A bus driver told a rider to wear a mask. Then the passenger spit on her.

Some buses are distancing riders from drivers to better protect them.
Some buses are distancing riders from drivers to better protect them. (Michael Brochstein/Echoes Wire/Barcroft Media/Getty Images)

Miami-Dade County bus driver Miakeya Rolle says she hasn't had a good night's rest since a passenger intentionally spit on her.

On the afternoon of April 19, a homeless woman boarded Rolle's bus and began coughing on passengers, according to a police report. Rolle told her she needed to wear a mask. The woman spat on Rolle and fled the bus.

Miami, like many transit systems, requires passengers to wear masks during the Covid-19 pandemic.

Rolle cleaned herself off with Clorox wipes and hand sanitizer as she waited for police to respond. She was later tested at a hospital. When she returned home, she undressed outside and threw her uniform in the garbage.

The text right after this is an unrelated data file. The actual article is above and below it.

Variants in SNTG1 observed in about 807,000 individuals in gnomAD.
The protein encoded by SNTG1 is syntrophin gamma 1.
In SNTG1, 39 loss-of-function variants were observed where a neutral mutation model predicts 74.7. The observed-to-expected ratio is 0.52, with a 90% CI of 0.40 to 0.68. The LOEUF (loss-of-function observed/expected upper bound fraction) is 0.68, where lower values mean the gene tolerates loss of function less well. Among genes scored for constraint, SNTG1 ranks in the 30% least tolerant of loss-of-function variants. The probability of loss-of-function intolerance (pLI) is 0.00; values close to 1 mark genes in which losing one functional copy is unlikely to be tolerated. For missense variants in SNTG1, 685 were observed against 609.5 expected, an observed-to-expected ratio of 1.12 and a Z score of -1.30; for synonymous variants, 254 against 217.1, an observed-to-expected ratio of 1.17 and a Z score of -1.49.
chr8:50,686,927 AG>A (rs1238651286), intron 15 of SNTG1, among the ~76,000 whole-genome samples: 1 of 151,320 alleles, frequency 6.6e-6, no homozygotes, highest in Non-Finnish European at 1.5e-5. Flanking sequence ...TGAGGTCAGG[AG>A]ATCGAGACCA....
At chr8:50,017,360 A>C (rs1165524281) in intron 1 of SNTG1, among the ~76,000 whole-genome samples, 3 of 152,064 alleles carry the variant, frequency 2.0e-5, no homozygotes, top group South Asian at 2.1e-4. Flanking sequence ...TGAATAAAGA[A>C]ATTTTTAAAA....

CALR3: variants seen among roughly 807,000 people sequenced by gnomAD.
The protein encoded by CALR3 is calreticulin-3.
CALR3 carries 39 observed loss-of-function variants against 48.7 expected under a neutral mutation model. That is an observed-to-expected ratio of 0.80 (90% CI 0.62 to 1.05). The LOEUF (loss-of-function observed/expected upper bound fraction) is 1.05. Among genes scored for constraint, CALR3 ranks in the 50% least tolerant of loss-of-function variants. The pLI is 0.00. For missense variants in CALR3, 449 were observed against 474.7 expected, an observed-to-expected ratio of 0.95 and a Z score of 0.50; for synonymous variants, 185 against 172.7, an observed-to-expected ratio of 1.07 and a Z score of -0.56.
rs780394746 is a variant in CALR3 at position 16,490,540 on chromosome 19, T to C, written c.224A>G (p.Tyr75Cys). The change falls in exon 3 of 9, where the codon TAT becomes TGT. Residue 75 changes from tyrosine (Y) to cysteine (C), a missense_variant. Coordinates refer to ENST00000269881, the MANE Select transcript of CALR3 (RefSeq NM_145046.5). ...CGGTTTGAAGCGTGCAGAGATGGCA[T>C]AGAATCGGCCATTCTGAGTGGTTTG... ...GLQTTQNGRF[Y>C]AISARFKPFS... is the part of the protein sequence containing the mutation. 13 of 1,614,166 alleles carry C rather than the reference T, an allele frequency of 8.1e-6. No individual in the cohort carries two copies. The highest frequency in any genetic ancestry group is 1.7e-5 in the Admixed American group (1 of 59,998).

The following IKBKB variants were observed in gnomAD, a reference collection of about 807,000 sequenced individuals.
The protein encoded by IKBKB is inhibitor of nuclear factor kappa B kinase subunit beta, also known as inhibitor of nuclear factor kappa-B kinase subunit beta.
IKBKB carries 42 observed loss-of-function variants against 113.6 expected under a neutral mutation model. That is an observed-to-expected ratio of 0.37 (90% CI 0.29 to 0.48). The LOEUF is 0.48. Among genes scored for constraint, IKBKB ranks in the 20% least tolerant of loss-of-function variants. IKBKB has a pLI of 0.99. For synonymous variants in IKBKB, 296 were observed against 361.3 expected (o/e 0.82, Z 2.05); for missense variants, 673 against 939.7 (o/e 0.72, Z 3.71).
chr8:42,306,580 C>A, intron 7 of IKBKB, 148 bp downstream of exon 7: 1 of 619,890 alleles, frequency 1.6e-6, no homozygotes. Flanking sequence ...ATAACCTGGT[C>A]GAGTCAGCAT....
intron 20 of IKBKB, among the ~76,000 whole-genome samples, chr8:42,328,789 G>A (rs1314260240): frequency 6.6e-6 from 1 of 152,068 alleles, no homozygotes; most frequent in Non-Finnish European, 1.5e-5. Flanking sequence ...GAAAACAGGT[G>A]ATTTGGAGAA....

Rolle has yet to return to driving a bus.

"That's how I feed my family. But as of right now, I can't do it," said Rolle, who has tested negative for Covid-19. "I've never had anything like that happen to me. I'm about to lose my mind."

Another Miami-Dade County transit bus driver, Denys Santos, was charged with aggravated assault on April 29 after chasing and swinging a metal pipe at a rider who removed his mask to talk on a cell phone, according to a Monroe County Sheriffs Office police report.

Bus drivers nationwide are facing new challenges as they try to protect passengers and themselves from a virus that's killed at least 135 transit workers nationwide, according to reports from the largest transit unions, the Amalgamated Transit Union and the Transport Workers Union.